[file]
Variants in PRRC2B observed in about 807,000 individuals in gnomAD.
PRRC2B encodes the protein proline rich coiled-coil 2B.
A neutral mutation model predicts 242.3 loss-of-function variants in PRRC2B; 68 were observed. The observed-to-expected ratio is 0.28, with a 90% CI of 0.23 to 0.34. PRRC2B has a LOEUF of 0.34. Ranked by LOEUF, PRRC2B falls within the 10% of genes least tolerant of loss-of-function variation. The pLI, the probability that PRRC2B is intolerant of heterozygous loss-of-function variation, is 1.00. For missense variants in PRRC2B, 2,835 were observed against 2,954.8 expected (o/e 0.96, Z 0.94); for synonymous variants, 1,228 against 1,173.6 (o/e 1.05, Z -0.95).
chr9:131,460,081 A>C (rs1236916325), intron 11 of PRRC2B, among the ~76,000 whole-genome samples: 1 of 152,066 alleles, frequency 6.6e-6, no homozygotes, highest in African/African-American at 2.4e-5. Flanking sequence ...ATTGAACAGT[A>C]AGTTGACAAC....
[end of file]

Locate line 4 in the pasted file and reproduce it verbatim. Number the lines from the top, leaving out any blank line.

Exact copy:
chr9:131,460,081 A>C (rs1236916325), intron 11 of PRRC2B, among the ~76,000 whole-genome samples: 1 of 152,066 alleles, frequency 6.6e-6, no homozygotes, highest in African/African-American at 2.4e-5. Flanking sequence ...ATTGAACAGT[A>C]AGTTGACAAC....